I feel like some evil woman, keeping my kid away from his dad's family. But that's really not how it is...they just make no effort to be a part of his life. They don't even call to see how he's doing. I want my son to have people who love him and WANT to see him. Not all these people who leave him.

    This is really way too long. Sigh.

    Thoughts?

  2. #2
    Join Date
    Oct 2005
    Location
    At Home
    Posts
    12,071

    Re: Advice on absent parents

    First off welcome to Lifesupporters Railyn. I am sorry for your situation. And your post can be as long as it needs to be so don't be sorry. In my opinion, and this is only my opinion, how you raise your son and who you let him come in contact with is your decision. Your ex made his choice and his family have no claim if they don't even show an interest. You know the people in his family well enough to know who is sincere and who is just talking. I wouldn't worry about not letting them see your son. Maybe send a card every Christmas so they can see him grow or something. Take care of you and your son in the best way you can. I hope you come back and keep us up to date on what is happening. There are lots of caring people here so keep coming back.
    The brain is a wonderful organ; it starts working the moment you get up in the morning, and does not stop until you get to the office. (Robert Frost)

  3. #3
    Join Date
    Mar 2005
    Location
    The Cloud of Unknowing
    Posts
    17,425

    Re: Advice on absent parents

    I think the father of your son is out of the picture. In due time you may want to bring things up with your son. When he is more mature (at least in his teens), and can understand you on an intellectual level.

    With regards to the family on the father's side, I would simply not bother. Since there has been no real support (only abuse), no real interest in your son, you don't owe them a thing. I know it sounds harsh, but knowing some people who went through the same thing, it is better for you and your son that way.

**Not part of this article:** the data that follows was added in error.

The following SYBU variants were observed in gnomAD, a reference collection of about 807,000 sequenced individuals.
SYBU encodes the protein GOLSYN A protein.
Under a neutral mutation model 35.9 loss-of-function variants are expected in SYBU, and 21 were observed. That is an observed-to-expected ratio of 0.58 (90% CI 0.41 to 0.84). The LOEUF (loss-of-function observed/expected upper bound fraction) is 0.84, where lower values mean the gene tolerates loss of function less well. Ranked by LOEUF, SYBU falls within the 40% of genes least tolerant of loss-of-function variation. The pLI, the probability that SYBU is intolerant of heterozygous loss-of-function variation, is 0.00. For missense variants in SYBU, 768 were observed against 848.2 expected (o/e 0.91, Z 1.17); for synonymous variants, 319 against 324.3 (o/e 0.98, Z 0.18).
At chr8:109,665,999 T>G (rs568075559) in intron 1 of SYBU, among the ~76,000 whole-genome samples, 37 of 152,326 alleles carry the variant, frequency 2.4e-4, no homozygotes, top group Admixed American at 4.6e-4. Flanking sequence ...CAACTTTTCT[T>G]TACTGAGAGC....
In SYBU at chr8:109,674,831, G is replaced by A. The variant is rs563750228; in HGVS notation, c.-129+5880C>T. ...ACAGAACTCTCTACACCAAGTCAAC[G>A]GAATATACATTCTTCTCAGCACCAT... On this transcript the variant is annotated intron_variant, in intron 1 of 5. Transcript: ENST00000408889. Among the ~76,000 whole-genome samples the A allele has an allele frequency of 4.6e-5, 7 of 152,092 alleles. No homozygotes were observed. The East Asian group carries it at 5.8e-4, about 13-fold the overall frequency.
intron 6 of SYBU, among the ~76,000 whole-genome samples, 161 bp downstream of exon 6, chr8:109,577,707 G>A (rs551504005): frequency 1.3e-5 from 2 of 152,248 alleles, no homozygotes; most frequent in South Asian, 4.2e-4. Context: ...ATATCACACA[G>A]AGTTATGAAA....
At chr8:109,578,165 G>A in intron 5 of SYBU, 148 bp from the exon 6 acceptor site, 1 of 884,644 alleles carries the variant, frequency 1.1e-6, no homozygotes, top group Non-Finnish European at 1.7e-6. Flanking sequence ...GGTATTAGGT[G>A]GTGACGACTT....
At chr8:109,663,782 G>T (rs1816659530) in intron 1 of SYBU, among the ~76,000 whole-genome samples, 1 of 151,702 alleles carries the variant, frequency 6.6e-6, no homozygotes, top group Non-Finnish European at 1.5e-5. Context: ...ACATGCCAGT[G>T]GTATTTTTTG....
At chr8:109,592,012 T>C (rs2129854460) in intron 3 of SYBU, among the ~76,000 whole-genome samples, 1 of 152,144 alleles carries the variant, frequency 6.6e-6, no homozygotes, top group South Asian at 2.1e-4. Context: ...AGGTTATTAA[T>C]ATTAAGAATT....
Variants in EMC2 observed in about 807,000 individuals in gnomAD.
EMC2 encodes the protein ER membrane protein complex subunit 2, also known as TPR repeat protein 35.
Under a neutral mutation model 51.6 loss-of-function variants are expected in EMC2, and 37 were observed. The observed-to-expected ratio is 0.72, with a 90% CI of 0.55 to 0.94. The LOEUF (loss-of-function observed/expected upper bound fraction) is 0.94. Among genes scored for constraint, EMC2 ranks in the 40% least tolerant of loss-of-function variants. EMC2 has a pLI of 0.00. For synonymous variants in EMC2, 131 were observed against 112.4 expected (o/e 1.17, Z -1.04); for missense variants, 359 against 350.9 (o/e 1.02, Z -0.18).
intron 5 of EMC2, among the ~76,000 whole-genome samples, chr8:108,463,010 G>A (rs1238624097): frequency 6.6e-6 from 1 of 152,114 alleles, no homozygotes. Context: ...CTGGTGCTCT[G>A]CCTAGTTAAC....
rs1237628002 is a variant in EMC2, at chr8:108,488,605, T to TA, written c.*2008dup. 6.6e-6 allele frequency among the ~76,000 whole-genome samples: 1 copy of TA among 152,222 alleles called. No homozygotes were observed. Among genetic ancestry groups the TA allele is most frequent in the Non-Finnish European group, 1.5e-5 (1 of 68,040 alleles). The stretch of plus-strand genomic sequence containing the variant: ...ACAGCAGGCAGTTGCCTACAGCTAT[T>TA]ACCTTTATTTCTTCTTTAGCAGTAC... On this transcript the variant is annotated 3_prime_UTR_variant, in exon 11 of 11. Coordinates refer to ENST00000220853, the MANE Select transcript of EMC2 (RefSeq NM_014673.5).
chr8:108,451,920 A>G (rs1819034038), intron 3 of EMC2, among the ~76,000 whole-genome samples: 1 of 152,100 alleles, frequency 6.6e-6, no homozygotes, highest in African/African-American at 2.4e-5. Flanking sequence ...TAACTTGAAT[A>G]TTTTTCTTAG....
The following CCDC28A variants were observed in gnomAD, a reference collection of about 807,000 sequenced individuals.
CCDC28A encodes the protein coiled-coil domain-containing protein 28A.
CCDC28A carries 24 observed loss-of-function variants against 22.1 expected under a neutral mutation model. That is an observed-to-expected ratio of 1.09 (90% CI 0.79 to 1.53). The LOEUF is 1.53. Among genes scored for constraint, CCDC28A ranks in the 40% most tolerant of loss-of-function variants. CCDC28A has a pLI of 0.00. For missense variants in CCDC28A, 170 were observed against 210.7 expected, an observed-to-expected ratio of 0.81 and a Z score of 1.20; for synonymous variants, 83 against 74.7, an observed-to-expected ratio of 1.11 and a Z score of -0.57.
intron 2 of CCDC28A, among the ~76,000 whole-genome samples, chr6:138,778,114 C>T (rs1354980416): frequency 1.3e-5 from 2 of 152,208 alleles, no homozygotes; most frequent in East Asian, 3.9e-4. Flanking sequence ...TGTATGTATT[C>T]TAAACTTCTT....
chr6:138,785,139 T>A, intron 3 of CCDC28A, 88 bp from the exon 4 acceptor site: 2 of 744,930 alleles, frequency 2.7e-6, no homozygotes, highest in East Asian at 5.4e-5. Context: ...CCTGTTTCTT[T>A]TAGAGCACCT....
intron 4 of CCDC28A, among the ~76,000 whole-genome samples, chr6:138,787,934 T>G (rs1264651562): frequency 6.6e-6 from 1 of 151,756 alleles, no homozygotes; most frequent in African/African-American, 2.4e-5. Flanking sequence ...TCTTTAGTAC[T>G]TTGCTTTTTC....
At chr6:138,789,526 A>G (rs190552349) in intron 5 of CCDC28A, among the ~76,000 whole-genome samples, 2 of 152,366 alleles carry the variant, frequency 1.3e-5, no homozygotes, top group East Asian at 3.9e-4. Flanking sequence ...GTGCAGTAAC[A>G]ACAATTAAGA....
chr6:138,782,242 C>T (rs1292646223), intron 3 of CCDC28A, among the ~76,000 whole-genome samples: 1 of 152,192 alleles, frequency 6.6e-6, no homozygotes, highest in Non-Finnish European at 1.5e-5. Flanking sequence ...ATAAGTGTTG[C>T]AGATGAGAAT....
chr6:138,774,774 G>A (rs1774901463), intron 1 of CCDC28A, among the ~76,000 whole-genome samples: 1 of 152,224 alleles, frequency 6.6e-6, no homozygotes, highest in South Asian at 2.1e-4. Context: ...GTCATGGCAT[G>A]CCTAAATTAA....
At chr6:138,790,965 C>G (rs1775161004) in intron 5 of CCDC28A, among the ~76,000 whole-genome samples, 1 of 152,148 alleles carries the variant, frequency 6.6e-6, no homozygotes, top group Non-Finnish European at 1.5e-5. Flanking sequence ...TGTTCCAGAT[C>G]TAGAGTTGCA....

Also if your relationship with your current boyfriend works out, and if your current boyfriend is happy to act like a father to him, that counts for so much more than what the father of your son is doing.
    The butterfly counts not months but moments, and has time enough. - Rabindranath Tagore

    Keep true to the dreams of your youth. - Friedrich Schiller

    The only philosophy which can be responsibly practised in face of despair is the attempt to contemplate all things as they would present themselves from the standpoint of redemption. - Theodor Adorno

  4. #4
    Join Date
    Jan 2008
    Posts
    1,209

    Re: Advice on absent parents

    I don't think you should feel guilty about deciding who see's your son and who doesn't. That family obviously doesn't care right now, but they will eventually regret their actions. It may take years for them to realize what they've lost, but that's their problem.

    Aunts and Uncles really have no legal standing. Grandparents can file for visitation, but it is usually set for once a month and is supervised. If they want to see your son so bad one day, let them file for legal visits. Rest assured, given your ex's history, the judge will definitely want an eye kept on your son if visits are ever allowed.

    When your son starts learning about relationships and the big cold cruel world out there, he'll understand what you went through. That would be a great time to let him know what happened. Let him know that he was the absolute best that came out of that family and he is his own person. It doesn't matter who his real father is, your son is not destined to follow in his father's footsteps.

    All children really need is love. You're making the right decision.